How to safely watch a solar eclipse
We can’t even blame Canada this time – smoke from the British Columbia wildfires cleared out over the weekend, and Whatcom County’s air quality has returned to “Good,” according to the Washington State Department of Ecology. But that may not be enough.
With what’s been dubbed “The Great American Eclipse” now less than a week away, long-range weather forecasts show Whatcom County and much of Western Washington are unlikely to have crystal-clear blue skies to view the Aug. 21 event. But don’t give up hope yet.
According to a story predicting viewing conditions on AccuWeather.com, Western Washington is in a band of “Fair” viewing conditions that stretches from the northwest corner of California up into British Columbia. At least we’re not in the “Poor” conditions belt that hugs the Oregon and Washington coasts up to the Olympic Peninsula.
AccuWeather meteorologist Dave Samuhel predicted the best cloud conditions nationwide will stretch from the interior Northwest (east of the Cascades) into Kansas and Nebraska. Conditions from the Mississippi River Valley to the Atlantic Coast along the path of totality also will range from “Fair” to “Poor.”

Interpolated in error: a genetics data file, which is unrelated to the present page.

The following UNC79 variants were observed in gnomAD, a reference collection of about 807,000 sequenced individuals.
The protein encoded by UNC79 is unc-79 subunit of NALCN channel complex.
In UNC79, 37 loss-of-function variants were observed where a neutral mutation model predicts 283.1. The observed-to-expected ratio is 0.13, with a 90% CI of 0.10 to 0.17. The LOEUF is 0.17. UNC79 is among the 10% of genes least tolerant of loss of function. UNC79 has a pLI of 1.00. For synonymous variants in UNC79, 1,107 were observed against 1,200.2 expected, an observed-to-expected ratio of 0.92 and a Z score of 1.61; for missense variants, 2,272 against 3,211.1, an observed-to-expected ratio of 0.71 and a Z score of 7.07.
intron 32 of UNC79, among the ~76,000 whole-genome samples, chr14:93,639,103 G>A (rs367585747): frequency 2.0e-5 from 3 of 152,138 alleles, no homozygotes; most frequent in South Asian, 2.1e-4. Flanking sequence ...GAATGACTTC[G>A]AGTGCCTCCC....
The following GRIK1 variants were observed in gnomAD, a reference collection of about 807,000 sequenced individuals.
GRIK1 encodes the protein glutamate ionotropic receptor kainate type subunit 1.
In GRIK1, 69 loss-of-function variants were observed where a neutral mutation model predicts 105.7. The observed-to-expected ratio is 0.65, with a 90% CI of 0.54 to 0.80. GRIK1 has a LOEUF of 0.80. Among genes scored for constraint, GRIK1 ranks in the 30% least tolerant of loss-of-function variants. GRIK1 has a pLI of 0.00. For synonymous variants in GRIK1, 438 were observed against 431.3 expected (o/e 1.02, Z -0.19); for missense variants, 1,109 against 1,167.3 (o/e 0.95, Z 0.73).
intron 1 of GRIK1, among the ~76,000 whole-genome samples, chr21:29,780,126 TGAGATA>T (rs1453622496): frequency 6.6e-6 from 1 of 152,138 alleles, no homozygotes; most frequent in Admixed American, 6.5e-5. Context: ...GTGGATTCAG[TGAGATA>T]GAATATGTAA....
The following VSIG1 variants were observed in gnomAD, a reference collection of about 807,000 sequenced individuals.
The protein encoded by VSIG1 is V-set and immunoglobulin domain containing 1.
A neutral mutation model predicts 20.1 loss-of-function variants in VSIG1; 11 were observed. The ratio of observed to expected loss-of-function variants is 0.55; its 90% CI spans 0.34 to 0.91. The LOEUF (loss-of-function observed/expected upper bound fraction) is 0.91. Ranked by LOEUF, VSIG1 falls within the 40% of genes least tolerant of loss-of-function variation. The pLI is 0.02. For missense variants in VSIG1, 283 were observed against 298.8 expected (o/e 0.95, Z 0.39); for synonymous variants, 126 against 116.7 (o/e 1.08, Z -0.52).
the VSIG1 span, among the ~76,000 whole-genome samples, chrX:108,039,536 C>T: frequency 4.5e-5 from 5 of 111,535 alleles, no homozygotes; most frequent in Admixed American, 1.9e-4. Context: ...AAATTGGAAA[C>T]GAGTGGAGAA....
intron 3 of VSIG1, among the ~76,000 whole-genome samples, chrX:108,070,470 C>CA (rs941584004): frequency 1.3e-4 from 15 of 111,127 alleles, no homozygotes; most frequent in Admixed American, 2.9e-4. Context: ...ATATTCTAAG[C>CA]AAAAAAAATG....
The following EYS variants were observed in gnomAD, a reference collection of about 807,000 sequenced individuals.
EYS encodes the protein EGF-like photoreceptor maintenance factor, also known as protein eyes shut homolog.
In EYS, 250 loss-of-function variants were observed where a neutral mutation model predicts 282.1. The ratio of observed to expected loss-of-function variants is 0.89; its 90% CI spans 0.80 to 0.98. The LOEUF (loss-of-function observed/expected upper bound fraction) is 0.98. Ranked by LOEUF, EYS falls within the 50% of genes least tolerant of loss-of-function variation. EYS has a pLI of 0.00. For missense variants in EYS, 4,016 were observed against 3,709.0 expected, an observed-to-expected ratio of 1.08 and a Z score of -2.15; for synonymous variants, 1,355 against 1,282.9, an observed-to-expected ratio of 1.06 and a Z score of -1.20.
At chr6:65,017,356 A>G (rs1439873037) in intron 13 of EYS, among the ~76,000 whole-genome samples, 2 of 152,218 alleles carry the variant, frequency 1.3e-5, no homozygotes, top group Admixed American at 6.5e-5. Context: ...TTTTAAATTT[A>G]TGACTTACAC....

The National Weather Service echoed AccuWeather’s prediction with a Facebook post of a map predicting the amount of cloud coverage during the solar eclipse, which for Whatcom County is scheduled to start at approximately 9:10 a.m., reach its maximum eclipse (about 86 to 88 percent in Whatcom County) at about 10:21 a.m. and conclude around 11:40 a.m. According to the map, all of Western Washington could see 50 to 70 percent cloud coverage during the event.
The good news is there are still nearly seven days left for the forecast models to change, and, at this point, nobody seems to be predicting that we will be completely socked in with clouds.
In the event we do get a clear look at the obscured sun, you may want to check your eclipse viewing glasses. Amazon is issuing full refunds, according to a story on KGW.com in Portland, Ore., for customers who purchased viewing glasses “that may not comply with industry standards.”
If you want to check yours out, NASA provided a list of reputable vendors of solar filters and viewers.